When I walked into my first Al-Anon meeting fourteen years ago, life as I knew it was over. I didn’t understand that at the time, and I continued to fight desperately against that reality for quite some time. But, still, it was over. The gift of the 12 Steps of Al-Anon is that the life I have today is SO much better than the life I had planned, and the life I thought I should and could have, if only I fought a little harder, and a little longer.
On a recent trip home I got to join my family for their weekly breakfast. The waitress took everyone’s order, and then looked to me for mine. I had no idea what my order would be, as I didn’t have a menu. Everyone else knew everything on the menu! So, when I asked her for one, and she brought it back, I jokingly apologized for being the “problem child” this morning. This was immediately met with another family member stating “I hate to tell you, dear, but you always have been.” Of course, I said I already knew this.
There was a period in my life where I spent most of my time doing one of two things: I was either worrying to extremes, or praying about what I was worrying about. My prayers were desperate. I often prayed “Please let him come home safely.” Sometimes I prayed for something to change. At other times, I would make bargains. I would plea for resolution, and make promises in exchange.
Step 11: “Sought through prayer and meditation to improve our conscious contact with God as we understood Him, praying only for knowledge of His will for us and the power to carry that out.”
When I started attending recovery meetings for family members affected by someone else’s addiction, something became clear to me pretty quickly: I had no idea how to communicate in a healthy manner.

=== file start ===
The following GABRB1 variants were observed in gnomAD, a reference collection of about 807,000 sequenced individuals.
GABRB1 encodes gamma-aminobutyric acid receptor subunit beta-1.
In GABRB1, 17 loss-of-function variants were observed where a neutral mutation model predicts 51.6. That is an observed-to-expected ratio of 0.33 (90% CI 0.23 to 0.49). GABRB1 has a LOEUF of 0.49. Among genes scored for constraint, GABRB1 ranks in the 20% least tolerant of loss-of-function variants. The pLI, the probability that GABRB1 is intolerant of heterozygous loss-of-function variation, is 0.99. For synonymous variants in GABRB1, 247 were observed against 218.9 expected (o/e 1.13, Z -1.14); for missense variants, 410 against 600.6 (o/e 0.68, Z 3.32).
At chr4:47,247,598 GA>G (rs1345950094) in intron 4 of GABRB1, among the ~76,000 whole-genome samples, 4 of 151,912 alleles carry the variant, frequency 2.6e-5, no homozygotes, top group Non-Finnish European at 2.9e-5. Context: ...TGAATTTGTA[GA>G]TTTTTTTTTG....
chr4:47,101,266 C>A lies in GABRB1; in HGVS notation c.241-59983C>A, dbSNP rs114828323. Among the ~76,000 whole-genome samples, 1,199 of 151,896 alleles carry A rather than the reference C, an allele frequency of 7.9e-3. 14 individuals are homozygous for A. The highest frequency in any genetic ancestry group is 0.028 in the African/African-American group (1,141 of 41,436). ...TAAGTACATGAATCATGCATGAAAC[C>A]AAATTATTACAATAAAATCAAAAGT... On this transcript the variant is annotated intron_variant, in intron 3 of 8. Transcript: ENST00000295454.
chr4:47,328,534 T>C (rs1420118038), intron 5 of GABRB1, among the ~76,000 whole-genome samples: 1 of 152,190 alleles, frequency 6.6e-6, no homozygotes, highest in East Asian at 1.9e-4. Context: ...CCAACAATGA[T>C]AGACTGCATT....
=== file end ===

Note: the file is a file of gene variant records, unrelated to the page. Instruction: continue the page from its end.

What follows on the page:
The communication that had taken place in my marriage when alcoholism was present ran through three phases. Phase 1 was to talk to him about his drinking and use whenever I could, and however I could, in the hope of making him stop. Phase 2 was not talking about his drinking and use at all, with the hope that if I ignored it would go away. Phase 3 was letting the frustration of this situation take over, and not talking about anything – otherwise known as the silent treatment. Of course, staring at someone else and thinking at them until they figure out what’s wrong is not the most effective communication tool…
Currently there is a situation in my life that doesn’t have any direct impact on me, and yet it’s been on my mind and on my heart. Someone I love is struggling. It’s deep and painful, and it’s difficult to watch. I’ve often thought that if I had to choose between my own heartbreak, and the heartbreak of someone I love, I would choose my own time and time again.
When I am facilitating Family Program sessions I often ask participants to think of a family affected by addiction like a mobile floating over a child’s crib. When you imagine a mobile, there are a few things that instantly come to mind. You’ll see a bunny, bear, frog, and bird: rotating around and helping the mobile to maintain balance. There’s often quiet music playing in the background.
It’s a gray and rainy day, and I’m sitting in a room with a group of people who never wanted to gain entry into the retreat we’re hosting. They desperately tried everything in their power to never be here. They formulated plans, they had talks, they paid good money, they supported, they begged, they pleaded, they researched, and they loved with all they had. And, yet, here they are: the folks who have lost a loved one to the disease of addiction.
“Detachment is not a wall; it is a bridge.”
–Courage to Change p. 22
Detachment. It’s often viewed as an ugly word, at least at first, by family members who love someone who struggles with alcoholism or addiction. Many of us come with pre-conceived notions about what detachment means. Most of us decide, without delving any further into the concept, that it means abandonment. And, we know that we’re not willing to abandon someone we love, especially when they are struggling, so therefore we won’t be detaching from them – thank you very much!